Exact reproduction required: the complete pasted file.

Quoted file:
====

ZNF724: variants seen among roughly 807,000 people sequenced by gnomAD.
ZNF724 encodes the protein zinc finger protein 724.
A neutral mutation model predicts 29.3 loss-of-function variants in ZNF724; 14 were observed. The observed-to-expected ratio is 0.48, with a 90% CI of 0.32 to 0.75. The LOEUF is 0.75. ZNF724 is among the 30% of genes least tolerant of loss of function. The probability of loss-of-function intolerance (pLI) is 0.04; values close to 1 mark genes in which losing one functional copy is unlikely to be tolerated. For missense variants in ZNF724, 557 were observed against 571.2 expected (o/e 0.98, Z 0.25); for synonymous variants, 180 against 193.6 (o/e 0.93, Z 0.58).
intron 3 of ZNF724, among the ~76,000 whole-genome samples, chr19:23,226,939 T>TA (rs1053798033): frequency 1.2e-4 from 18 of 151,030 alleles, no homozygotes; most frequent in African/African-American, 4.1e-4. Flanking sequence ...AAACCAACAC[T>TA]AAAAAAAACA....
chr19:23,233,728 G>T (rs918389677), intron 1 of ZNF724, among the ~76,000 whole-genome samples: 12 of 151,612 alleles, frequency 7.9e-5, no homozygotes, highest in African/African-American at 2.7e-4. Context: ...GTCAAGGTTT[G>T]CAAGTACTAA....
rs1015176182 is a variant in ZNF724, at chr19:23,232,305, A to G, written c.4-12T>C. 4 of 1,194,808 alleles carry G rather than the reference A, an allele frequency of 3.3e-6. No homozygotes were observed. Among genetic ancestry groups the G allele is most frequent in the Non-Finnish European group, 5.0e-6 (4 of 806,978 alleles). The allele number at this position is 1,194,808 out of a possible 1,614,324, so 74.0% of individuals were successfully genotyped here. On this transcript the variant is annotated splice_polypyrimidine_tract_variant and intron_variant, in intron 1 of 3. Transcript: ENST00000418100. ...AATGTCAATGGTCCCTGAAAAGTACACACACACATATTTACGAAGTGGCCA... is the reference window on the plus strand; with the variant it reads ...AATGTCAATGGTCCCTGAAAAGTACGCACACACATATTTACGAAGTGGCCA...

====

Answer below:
ZNF724: variants seen among roughly 807,000 people sequenced by gnomAD.
ZNF724 encodes the protein zinc finger protein 724.
A neutral mutation model predicts 29.3 loss-of-function variants in ZNF724; 14 were observed. The observed-to-expected ratio is 0.48, with a 90% CI of 0.32 to 0.75. The LOEUF is 0.75. ZNF724 is among the 30% of genes least tolerant of loss of function. The probability of loss-of-function intolerance (pLI) is 0.04; values close to 1 mark genes in which losing one functional copy is unlikely to be tolerated. For missense variants in ZNF724, 557 were observed against 571.2 expected (o/e 0.98, Z 0.25); for synonymous variants, 180 against 193.6 (o/e 0.93, Z 0.58).
intron 3 of ZNF724, among the ~76,000 whole-genome samples, chr19:23,226,939 T>TA (rs1053798033): frequency 1.2e-4 from 18 of 151,030 alleles, no homozygotes; most frequent in African/African-American, 4.1e-4. Flanking sequence ...AAACCAACAC[T>TA]AAAAAAAACA....
chr19:23,233,728 G>T (rs918389677), intron 1 of ZNF724, among the ~76,000 whole-genome samples: 12 of 151,612 alleles, frequency 7.9e-5, no homozygotes, highest in African/African-American at 2.7e-4. Context: ...GTCAAGGTTT[G>T]CAAGTACTAA....
rs1015176182 is a variant in ZNF724, at chr19:23,232,305, A to G, written c.4-12T>C. 4 of 1,194,808 alleles carry G rather than the reference A, an allele frequency of 3.3e-6. No homozygotes were observed. Among genetic ancestry groups the G allele is most frequent in the Non-Finnish European group, 5.0e-6 (4 of 806,978 alleles). The allele number at this position is 1,194,808 out of a possible 1,614,324, so 74.0% of individuals were successfully genotyped here. On this transcript the variant is annotated splice_polypyrimidine_tract_variant and intron_variant, in intron 1 of 3. Transcript: ENST00000418100. ...AATGTCAATGGTCCCTGAAAAGTACACACACACATATTTACGAAGTGGCCA... is the reference window on the plus strand; with the variant it reads ...AATGTCAATGGTCCCTGAAAAGTACGCACACACATATTTACGAAGTGGCCA...